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Danske Bank Has Third-Quarter Loss, Plans to Cut 2,000 Jobs

November 01, 2011

Nov. 1 (Bloomberg) -- Danske Bank A/S, Denmark’s largest lender, reported a third-quarter loss when analysts had predicted a profit and said it will cut 2,000 jobs to adjust to a tougher operating environment.

The lender posted a 384 million-krone ($71 million) net loss, compared with a profit of 887 million kroner a year earlier, the Copenhagen-based bank said in a statement today. That missed the average estimate for a 763 million-krone profit in a Bloomberg survey of analysts. The bank targets 2 billion kroner in cost cuts over the next three years, and will cut 2,000 jobs to reach the goal, it said.

Danske Bank shares have plunged 44 percent this year, burdened by lackluster growth in the Danish economy and continued loan losses at its Irish business. Denmark’s economy has underperformed neighboring Sweden and Norway as a housing slump and banking crisis weigh on consumer demand, while bailout-reliant Ireland is still struggling to emerge from its burst property bubble.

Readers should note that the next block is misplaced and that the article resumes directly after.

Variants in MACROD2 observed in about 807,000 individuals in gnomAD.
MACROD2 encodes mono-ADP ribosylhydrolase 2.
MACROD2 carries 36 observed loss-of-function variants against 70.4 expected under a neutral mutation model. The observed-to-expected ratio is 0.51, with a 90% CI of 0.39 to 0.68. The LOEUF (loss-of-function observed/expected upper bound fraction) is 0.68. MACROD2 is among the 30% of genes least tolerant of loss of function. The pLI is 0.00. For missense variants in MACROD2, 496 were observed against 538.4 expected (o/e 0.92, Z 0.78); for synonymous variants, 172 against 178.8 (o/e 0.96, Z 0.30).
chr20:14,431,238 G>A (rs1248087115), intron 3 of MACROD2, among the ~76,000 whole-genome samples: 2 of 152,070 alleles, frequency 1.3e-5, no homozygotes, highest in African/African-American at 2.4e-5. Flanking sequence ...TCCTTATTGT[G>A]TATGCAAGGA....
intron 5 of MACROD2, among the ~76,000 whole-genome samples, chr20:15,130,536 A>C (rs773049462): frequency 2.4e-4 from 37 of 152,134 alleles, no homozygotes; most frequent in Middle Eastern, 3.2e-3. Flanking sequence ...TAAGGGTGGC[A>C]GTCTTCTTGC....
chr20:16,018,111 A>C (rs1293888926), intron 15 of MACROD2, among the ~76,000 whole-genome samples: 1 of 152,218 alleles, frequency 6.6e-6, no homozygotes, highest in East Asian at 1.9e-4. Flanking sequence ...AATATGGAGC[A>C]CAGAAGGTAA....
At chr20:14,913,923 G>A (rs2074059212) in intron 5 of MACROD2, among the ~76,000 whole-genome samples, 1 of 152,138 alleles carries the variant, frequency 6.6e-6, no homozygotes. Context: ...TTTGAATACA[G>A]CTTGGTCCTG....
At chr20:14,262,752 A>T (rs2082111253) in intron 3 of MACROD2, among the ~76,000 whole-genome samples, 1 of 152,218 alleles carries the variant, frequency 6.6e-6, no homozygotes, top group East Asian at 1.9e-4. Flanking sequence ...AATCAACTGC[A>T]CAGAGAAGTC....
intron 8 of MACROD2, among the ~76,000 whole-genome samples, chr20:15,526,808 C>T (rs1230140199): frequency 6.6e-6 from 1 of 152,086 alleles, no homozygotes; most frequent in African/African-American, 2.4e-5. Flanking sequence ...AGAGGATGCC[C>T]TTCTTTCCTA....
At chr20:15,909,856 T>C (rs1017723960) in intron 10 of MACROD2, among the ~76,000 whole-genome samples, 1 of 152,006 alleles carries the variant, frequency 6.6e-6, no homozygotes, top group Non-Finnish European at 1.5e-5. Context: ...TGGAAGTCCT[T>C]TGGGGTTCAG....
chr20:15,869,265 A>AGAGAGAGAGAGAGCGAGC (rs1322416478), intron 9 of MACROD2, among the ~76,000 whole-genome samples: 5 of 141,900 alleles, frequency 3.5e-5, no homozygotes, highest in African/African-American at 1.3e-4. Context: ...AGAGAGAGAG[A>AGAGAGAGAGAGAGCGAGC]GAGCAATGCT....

“The global economy remains very fragile, and growth rates in the Western world are expected to be low in the remainder of 2011,” Chief Executive Officer Peter Straarup said in the report. “Structural challenges in the economies of southern Europe and Ireland and a heavy budget deficit in the U.S. are constraining economic growth and affecting the stability of the financial markets.”

Danske also said that Straarup, 60, wishes to retire as CEO in accordance with the terms of his employment contract. The board has started to look for a successor and Straarup will stay until a new CEO is found, Danske said.

Net interest income, the difference between what the bank earns from lending and what it pays on deposits, slipped 5.9 percent to 8.21 billion kroner in the quarter, while its fee income retreated 3.4 percent to 2.75 billion kroner. Danske said the slowing global economy could lead to higher loan impairment charges in the fourth quarter than in the third quarter, adding the charges for 2011 are still expected to be lower than 2010.

--Editors: Tasneem Brogger, Christian Wienberg.

To contact the reporter on this story: Adam Ewing in Stockholm at;

To contact the editor responsible for this story: Frank Connelly at

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